If you search on the web for “potty training”, you will find endless articles and guides with names like “Potty Training Guide” and “Potty Training – How to Get the Job Done”. It seems like everyone has the secret recipe for how to accomplish this great task.
Well, both my kids are now potty trained.
But I have no tips to offer. No strategies to recommend. Not even a “Well, this worked for me…”
I’m pretty clueless about how we actually ended up here.
My older daughter was a a potty training nightmare. As is our style, we started gently and didn’t push it too hard at first. At age two and a half, we offered her opportunities to sit on the toilet. We made the bathroom a fun place to be, putting special books, games, and puzzles in the bathroom. We got a fun sesame street toilet seat. No luck.
Her day care friends were all potty training, so we hoped that perhaps peer pressure would have an effect, but it didn’t. Then we tried bribes – the offer of M&Ms if she succeeded, but nothing happened. We gave her chocolate chips just for getting on the toilet. She got on but refused to use it. We tried keeping her on for long periods using the iPad. She watched TV happily, but still no luck.
As her fourth birthday was approaching, we started to get desperate. Based on a suggestion from an online article, I created a mystery box. We put some special presents inside, then covered it with stickers. We put it in the living room and told her she could only open it when she used the toilet. She was curious, but not enough to actually use the toilet.
Having failed with the carrot, I tried the stick. At Thanksgiving, everyone left for the museum except me and my daughter. I told her that we couldn’t go until she tried to use the toilet. We had a knock-down drag out screaming fight that lasted two hours. I lost.
It became clear to us that she actually had perfect control, but she would only use a diaper. People pointed out that it had become a power struggle, and this felt somewhat accusatory – what had we done wrong in pushing the toilet to get her to react to this way? As far as we or anyone else could determine, nothing specific. She just refused.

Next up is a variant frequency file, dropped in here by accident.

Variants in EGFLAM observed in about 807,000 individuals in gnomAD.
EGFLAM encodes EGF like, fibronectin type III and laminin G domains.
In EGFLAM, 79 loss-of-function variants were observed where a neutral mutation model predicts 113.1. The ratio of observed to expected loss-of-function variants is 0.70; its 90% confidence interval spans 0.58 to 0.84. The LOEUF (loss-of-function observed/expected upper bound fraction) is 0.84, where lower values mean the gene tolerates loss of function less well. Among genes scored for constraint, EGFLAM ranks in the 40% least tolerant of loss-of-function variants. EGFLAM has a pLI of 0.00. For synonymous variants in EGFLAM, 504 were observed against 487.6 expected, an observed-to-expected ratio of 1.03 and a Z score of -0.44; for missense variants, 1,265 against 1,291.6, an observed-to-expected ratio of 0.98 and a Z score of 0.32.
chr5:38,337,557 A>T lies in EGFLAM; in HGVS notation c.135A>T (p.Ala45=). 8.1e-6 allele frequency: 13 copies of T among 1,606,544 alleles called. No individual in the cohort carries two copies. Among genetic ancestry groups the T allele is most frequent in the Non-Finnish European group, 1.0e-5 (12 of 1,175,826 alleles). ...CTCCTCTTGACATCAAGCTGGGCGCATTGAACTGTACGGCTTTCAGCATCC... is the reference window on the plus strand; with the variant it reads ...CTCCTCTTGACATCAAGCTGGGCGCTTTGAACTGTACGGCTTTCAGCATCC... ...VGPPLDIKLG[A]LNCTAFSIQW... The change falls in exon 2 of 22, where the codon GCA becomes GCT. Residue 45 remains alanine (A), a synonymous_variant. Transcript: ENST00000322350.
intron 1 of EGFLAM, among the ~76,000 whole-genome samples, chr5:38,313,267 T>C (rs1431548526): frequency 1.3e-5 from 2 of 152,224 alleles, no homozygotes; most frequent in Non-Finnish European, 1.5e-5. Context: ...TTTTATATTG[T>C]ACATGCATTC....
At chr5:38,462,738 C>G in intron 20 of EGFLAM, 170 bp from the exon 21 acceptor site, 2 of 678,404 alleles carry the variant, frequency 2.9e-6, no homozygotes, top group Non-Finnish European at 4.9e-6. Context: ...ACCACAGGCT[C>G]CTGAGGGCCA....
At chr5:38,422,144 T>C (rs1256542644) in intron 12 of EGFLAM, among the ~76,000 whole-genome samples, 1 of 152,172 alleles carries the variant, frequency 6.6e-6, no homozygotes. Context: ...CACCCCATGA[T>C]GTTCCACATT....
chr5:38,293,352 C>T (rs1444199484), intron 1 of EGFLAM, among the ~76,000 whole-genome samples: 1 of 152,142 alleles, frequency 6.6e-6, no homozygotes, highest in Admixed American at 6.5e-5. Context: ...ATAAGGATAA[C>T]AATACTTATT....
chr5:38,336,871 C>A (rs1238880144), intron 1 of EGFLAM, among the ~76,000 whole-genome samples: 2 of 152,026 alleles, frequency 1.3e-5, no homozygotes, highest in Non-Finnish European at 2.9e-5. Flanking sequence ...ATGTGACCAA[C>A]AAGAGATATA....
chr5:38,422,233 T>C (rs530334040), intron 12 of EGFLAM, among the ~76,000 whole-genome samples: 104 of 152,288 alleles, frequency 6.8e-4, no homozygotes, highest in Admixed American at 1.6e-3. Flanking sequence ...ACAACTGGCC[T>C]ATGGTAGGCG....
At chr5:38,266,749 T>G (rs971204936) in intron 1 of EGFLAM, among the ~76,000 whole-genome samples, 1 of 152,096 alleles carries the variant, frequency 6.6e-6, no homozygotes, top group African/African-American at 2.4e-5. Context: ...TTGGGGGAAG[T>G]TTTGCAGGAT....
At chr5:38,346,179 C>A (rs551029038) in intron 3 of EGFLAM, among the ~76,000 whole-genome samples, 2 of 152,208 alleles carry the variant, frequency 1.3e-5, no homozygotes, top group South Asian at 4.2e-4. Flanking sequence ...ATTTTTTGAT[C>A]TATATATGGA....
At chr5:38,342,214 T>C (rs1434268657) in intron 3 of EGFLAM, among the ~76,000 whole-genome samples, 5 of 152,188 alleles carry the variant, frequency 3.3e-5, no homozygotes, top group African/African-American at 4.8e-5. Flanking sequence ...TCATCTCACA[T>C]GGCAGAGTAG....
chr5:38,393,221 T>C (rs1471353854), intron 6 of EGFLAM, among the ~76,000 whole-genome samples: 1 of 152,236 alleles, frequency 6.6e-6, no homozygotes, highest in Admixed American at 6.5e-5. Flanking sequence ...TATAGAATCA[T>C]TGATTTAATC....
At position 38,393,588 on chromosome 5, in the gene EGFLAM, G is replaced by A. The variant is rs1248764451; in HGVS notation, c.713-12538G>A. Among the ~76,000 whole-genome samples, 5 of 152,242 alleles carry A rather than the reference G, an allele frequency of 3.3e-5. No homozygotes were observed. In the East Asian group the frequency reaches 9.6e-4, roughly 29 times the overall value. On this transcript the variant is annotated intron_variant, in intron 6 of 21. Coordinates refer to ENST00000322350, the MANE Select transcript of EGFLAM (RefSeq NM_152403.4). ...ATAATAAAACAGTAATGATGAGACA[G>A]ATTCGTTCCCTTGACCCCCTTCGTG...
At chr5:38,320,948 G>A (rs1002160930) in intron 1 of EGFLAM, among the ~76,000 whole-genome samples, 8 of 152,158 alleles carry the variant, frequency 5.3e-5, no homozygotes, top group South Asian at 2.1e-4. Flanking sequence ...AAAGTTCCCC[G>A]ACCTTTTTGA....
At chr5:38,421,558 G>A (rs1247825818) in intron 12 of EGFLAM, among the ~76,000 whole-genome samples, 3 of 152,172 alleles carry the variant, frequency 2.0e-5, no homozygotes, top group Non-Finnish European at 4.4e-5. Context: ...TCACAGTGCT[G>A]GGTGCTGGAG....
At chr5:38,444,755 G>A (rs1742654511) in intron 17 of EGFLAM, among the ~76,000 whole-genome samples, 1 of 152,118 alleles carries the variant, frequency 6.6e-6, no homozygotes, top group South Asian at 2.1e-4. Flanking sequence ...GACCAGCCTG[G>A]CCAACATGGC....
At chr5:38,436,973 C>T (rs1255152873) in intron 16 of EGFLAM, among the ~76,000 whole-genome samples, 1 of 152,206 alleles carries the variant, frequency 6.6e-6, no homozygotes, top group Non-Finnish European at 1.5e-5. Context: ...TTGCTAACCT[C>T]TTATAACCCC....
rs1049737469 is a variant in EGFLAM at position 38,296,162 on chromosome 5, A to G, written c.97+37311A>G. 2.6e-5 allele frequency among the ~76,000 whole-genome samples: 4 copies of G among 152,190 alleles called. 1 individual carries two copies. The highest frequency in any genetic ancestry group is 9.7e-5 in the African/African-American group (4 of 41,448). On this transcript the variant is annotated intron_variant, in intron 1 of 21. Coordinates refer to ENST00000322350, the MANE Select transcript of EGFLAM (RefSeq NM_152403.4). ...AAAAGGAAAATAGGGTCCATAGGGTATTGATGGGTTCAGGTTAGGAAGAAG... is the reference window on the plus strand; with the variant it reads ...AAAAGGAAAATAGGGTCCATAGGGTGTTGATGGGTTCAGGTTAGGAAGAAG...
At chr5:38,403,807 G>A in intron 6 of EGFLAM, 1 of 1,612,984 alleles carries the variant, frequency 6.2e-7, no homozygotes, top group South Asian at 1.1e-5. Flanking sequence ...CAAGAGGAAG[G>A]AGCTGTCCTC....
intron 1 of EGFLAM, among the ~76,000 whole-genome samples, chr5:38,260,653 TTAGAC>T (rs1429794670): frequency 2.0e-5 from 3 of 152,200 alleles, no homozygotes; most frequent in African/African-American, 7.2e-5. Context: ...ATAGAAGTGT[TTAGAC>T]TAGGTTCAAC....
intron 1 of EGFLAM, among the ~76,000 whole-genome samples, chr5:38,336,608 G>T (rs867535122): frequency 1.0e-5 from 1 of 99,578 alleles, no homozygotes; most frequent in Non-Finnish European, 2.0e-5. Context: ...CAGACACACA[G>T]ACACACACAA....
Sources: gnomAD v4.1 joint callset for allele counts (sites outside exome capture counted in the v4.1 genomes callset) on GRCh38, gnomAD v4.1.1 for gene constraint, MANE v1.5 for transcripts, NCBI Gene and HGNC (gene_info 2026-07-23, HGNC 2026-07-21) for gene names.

In the end, we had a former baby sitter come and look after her for a week. She sat her on the toilet and told her she couldn’t get up until she used it. It took about an hour and a half, but she did. And she was very proud.
And that was it. She was potty trained.
With my son, we remained very wary. Having failed so miserably with his older sister, we were scared to push it. At age two and a half, his day care teachers told us that he clearly was not ready and it would probably be a while. Then, as his 3rd birthday approached, they mentioned that one of the other kids was potty training, and he was interested and liked to come along.
A few days later, as we were getting ready to go to the park, everyone went to use the bathroom. My son announced he wanted to try, and he promptly peed in the toilet.
He practiced on-and-off over the next week or two, and then we started putting him in underwear. That’s it. He potty trained himself.
I’m sure “parenting experts” will look back on this story and explain the six things we did wrong. Or that kids will simply potty train themselves when they are ready, and our mistake with our daughter was we tried too soon.
Sure, whatever. Maybe they are right. Maybe not. I have no clue.
One thing I will say is that having kids potty trained is every bit as wonderful as I hoped. On a recent trip to Vermont, we simply used the bathrooms. As I walked out, I noticed the baby changing station and marveled at how much easier it was that my son simply used the toilet rather than having to haul a diaper bag around.
So to parents out there struggling with potty training their kids, you have my sympathies. I have no advice.
But it really is worth it once you get to the other side.
In the meantime, I simply cannot wait to throw out our diaper champ. It makes me want to recreate the scene from Office Space with the printer.